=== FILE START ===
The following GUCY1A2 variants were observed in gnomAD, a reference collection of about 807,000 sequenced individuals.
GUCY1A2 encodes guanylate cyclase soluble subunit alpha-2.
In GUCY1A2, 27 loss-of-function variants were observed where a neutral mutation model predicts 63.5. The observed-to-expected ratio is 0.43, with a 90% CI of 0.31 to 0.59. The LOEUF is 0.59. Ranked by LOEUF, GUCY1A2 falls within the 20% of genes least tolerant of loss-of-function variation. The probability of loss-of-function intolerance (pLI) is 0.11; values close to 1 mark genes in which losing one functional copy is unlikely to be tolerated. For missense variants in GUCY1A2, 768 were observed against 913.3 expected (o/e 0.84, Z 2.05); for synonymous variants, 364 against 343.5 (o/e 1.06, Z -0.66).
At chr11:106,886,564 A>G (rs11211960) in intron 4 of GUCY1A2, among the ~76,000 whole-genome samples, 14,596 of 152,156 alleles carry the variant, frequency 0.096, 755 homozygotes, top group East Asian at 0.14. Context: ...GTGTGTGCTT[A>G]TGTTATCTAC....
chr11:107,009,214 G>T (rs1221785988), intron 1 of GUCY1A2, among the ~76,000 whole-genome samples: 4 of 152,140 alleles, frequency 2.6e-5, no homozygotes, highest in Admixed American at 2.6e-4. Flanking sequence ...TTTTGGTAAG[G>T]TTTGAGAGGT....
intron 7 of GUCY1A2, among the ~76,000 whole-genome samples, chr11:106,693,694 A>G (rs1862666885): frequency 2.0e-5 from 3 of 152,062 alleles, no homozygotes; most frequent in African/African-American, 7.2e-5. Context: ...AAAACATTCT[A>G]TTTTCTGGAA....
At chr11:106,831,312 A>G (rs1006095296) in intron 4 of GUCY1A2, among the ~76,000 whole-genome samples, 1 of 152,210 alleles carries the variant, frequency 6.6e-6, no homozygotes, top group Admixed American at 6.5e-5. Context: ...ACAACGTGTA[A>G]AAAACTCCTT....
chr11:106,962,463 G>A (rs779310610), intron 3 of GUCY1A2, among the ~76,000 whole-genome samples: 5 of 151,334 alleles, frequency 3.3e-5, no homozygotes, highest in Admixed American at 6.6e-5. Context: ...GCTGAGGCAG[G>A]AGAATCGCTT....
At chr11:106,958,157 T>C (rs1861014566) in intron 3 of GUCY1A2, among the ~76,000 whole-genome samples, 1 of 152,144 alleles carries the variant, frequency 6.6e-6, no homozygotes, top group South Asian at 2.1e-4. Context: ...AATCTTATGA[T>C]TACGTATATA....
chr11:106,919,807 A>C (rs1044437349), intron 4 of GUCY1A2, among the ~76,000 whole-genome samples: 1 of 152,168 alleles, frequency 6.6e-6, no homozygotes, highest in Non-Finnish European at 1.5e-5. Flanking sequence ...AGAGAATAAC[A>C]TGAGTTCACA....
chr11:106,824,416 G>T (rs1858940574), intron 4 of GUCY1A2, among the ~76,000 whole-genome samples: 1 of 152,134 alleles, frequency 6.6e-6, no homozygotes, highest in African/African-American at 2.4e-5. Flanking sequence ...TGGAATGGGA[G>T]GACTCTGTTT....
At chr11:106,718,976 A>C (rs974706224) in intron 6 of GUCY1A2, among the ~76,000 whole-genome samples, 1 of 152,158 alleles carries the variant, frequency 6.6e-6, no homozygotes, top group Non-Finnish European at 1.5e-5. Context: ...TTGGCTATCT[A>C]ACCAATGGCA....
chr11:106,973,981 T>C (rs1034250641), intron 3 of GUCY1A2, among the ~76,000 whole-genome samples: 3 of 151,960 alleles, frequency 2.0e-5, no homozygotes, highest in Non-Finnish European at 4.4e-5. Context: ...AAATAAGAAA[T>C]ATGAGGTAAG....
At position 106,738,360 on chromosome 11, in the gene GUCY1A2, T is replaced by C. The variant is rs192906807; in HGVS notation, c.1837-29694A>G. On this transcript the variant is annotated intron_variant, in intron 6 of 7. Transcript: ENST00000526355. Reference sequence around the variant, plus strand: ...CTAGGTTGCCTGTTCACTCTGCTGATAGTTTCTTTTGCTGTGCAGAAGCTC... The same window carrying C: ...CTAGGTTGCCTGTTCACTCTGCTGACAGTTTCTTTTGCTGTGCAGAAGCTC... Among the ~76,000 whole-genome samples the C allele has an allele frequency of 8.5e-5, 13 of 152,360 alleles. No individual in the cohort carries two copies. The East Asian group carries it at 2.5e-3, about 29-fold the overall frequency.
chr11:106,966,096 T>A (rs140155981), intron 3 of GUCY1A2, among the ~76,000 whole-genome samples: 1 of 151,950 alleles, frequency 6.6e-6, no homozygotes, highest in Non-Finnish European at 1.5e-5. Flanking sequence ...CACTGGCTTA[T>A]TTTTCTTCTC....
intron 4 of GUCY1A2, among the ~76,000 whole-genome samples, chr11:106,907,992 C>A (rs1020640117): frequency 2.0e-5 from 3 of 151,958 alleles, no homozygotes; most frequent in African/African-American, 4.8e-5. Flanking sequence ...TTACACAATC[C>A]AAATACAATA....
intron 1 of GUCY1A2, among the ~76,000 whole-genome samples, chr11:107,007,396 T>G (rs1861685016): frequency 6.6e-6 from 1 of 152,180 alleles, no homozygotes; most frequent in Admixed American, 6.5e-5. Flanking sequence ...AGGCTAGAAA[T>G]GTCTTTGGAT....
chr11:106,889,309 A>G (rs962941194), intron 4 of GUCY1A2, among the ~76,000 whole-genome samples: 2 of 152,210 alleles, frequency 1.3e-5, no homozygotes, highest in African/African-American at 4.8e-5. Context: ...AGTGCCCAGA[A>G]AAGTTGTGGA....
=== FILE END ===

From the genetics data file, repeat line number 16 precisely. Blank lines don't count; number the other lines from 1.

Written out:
intron 4 of GUCY1A2, among the ~76,000 whole-genome samples, chr11:106,907,992 C>A (rs1020640117): frequency 2.0e-5 from 3 of 151,958 alleles, no homozygotes; most frequent in African/African-American, 4.8e-5. Flanking sequence ...TTACACAATC[C>A]AAATACAATA....